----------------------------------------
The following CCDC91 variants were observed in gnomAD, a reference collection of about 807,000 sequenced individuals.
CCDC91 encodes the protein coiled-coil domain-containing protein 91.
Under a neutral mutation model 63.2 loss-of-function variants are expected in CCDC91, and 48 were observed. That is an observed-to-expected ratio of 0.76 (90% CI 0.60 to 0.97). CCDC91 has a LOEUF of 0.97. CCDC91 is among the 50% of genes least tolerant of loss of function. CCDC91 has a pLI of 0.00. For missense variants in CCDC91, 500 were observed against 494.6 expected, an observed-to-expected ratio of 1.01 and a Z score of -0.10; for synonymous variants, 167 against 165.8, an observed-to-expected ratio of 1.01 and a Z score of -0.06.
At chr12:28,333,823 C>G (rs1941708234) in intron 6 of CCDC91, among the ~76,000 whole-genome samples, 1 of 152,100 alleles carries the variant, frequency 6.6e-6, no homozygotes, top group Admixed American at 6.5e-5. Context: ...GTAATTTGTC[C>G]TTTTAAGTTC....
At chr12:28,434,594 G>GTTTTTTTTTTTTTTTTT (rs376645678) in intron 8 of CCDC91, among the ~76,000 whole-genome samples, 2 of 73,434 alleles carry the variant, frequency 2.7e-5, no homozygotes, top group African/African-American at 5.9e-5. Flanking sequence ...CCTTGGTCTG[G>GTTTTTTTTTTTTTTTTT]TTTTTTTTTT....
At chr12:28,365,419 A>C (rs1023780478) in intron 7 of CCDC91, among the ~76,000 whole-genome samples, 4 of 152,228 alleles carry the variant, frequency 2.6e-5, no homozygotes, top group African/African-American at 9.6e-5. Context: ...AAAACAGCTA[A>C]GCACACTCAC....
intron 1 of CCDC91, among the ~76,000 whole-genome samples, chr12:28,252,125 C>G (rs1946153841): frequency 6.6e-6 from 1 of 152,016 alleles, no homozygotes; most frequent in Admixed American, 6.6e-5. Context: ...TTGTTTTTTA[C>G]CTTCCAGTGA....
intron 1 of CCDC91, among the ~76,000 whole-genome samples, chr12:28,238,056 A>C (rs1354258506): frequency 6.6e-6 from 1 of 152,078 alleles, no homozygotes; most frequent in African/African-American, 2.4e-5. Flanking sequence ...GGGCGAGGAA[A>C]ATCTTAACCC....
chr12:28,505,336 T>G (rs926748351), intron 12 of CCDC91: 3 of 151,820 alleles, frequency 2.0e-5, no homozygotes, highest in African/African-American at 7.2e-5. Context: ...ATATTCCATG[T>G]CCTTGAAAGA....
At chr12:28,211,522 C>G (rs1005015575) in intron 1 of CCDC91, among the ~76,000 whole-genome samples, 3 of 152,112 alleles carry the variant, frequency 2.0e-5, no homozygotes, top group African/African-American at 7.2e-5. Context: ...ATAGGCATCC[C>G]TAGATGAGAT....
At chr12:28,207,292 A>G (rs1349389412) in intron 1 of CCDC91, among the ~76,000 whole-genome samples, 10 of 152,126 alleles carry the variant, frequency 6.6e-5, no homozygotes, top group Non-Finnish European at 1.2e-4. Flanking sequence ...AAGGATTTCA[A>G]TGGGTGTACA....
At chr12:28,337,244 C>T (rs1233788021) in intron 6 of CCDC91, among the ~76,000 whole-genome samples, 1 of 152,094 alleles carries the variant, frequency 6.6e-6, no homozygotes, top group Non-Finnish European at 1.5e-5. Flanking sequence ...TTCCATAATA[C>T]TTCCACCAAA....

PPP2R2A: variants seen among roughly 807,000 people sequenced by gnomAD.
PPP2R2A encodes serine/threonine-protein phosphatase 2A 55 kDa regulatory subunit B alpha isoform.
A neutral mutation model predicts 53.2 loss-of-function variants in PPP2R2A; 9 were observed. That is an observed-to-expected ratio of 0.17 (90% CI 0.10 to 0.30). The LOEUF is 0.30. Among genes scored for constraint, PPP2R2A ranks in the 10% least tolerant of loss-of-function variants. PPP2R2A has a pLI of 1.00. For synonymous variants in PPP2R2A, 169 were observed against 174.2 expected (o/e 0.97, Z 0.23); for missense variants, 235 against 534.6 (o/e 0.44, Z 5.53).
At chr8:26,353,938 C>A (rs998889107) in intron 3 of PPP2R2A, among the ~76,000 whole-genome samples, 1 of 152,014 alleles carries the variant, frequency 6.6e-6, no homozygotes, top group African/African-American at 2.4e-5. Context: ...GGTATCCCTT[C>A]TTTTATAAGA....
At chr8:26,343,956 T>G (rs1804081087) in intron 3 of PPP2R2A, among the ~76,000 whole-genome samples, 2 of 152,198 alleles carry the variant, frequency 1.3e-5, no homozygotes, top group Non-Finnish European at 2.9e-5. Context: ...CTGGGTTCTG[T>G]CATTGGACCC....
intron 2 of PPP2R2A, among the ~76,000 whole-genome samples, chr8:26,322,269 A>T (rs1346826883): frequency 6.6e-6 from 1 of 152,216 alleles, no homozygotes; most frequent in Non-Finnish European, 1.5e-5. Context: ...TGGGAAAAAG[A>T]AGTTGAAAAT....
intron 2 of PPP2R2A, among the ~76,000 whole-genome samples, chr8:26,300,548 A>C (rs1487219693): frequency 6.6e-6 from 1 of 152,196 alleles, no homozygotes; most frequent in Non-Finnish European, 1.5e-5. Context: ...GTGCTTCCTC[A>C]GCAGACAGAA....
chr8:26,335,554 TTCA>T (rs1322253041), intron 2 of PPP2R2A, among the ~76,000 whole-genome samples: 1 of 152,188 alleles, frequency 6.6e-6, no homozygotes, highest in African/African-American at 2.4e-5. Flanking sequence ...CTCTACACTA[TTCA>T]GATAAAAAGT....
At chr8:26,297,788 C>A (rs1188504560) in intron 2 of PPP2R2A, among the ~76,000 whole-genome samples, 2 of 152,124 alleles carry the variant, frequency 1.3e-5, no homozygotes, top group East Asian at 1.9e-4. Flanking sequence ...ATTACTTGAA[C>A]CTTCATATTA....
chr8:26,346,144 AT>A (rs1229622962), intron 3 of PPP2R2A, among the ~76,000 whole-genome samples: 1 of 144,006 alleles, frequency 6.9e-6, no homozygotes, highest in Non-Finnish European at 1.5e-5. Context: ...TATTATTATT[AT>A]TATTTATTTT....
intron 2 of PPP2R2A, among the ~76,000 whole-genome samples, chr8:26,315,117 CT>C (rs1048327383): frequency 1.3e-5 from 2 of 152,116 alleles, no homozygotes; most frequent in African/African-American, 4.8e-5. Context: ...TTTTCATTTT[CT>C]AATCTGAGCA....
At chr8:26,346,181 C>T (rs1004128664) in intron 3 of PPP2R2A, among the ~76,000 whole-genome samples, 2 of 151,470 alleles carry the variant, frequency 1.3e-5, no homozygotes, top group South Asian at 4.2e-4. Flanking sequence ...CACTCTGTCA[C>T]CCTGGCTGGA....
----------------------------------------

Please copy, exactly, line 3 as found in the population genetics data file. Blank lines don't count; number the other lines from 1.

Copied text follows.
Under a neutral mutation model 63.2 loss-of-function variants are expected in CCDC91, and 48 were observed. That is an observed-to-expected ratio of 0.76 (90% CI 0.60 to 0.97). CCDC91 has a LOEUF of 0.97. CCDC91 is among the 50% of genes least tolerant of loss of function. CCDC91 has a pLI of 0.00. For missense variants in CCDC91, 500 were observed against 494.6 expected, an observed-to-expected ratio of 1.01 and a Z score of -0.10; for synonymous variants, 167 against 165.8, an observed-to-expected ratio of 1.01 and a Z score of -0.06.